More News:

July 16, 2022

Transgender swimmer Lia Thomas nominated for NCAA Woman of the Year award

The University of Pennsylvania's decision to nominate her drew swift, intense blowback on social media. Thomas was the first transgender person to win a Division I championship

The University of Pennsylvania has nominated transgender swimmer Lia Thomas for the NCAA's Woman of the Year award.

Her nomination was announced by the NCAA in a release on Thursday. Thomas is one of 577 graduating student athletes across the nation who were recognized by their alma mater.

She was the first transgender person to become a NCAA Division I champion after she won the women's 500-yard freestyle event in March.

Thomas had hoped to continue on to the Olympics, but last month competitive swimming's global governing body FINA effectively banned transgender athletes from participating in elite women's competitions.

Her swimming career was racked with controversy at every turn following her transition. She competed on Penn's men's team for her first three years before moving to the women's team in 2020.

Thomas has been embraced by the university's leadership and members of the LGBTQ+ community from around the world, many of whom were excited about Thomas' nomination on social media.

But she has long been dogged by critics who were upset to see someone who was born male competing in women's sports. Thomas' detractors believe the fact that she went through male puberty gives her an unfair competitive advantage.

So far, most of the reaction on social media has been negative.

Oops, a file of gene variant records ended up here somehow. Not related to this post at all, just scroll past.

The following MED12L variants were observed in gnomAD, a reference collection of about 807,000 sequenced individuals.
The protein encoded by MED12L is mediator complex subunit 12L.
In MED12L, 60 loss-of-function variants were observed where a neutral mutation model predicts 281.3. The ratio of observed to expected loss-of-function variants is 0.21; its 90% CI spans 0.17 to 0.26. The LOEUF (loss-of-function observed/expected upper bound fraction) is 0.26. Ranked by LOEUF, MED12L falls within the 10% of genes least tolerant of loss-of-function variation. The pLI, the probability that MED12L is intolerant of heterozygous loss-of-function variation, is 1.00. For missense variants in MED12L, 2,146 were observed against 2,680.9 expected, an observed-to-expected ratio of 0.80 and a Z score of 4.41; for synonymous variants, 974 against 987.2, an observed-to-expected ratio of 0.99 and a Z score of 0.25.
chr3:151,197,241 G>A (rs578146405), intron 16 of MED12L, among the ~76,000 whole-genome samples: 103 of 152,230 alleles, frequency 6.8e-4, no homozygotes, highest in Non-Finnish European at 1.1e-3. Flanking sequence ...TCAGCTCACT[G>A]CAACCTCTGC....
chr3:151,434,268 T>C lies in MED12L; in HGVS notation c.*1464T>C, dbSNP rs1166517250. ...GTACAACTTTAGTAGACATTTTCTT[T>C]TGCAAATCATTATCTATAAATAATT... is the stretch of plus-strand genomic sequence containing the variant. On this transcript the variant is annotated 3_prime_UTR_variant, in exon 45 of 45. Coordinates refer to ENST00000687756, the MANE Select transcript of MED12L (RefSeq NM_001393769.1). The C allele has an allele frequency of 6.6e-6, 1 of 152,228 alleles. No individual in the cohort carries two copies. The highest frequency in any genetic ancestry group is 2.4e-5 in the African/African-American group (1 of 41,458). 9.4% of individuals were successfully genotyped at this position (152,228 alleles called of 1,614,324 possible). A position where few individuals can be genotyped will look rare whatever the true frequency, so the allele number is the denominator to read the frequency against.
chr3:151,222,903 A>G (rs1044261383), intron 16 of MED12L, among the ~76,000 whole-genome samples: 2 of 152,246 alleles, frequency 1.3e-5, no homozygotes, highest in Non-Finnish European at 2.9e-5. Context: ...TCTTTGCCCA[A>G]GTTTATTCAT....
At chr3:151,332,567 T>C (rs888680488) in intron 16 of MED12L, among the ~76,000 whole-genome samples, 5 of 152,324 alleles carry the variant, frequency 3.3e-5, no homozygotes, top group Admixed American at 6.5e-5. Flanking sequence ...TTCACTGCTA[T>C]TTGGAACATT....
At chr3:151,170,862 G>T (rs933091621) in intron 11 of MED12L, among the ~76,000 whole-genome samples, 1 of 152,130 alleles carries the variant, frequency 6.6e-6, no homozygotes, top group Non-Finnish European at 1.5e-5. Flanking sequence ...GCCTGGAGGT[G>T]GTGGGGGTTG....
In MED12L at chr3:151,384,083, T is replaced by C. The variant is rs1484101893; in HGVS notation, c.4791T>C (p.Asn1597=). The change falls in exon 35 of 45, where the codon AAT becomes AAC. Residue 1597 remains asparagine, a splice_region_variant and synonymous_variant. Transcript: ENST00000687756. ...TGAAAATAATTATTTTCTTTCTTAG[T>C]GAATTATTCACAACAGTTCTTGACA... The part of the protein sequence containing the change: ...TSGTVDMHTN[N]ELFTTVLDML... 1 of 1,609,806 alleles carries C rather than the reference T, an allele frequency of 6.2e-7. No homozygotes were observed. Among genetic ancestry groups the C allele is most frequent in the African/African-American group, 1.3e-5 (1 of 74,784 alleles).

"I feel so… bad for this poor young woman," one commenter said in a transgender-focused subreddit. "As if it wasn't bad enough that her name is constantly trending from all the people saying absolutely abhorrent (stuff) about her, it also feels like absolutely no one cares to come to her defense."

While many of Thomas' detractors are outright transphobes who call into question her right to identify as a woman, there are others who support her transition but don't want to see trans people competing in women's sports.

That was the sentiment behind the letter 16 of her teammates anonymously endorsed in February.

"Lia has every right to live her life authentically," the letter says. "However, we also realize that when it comes to sports competition, that the biology of sex is a separate issue from someone's gender identity."

The letter also asked Penn to not challenge the NCAA's decision to hand off regulating transgender participation to the national governing body for each sport, which was USA Swimming in this case.

That organization added new requirements for swimmers who transition from male to female earlier this year.

The concentration of testosterone in a transgender female swimmer's blood must be less than 5 nanomoles per liter continuously for at least 36 months before she can compete. Additionally, a panel of three independent medical experts will determine whether a swimmer's prior development as a man gives her an advantage over her cisgender competitors.

The rule change came too late to exclude Thomas last season, but she would have been barred this season if she hadn't graduated since her transition began less than 36 months before her debut on the women's team.

A Woman of the Year selection committee will pick 10 semi-finalists from each of the three NCAA divisions. Then nine finalists, three from each division, will be chosen

The winner will be named at the NCAA Convention this January in San Antonio.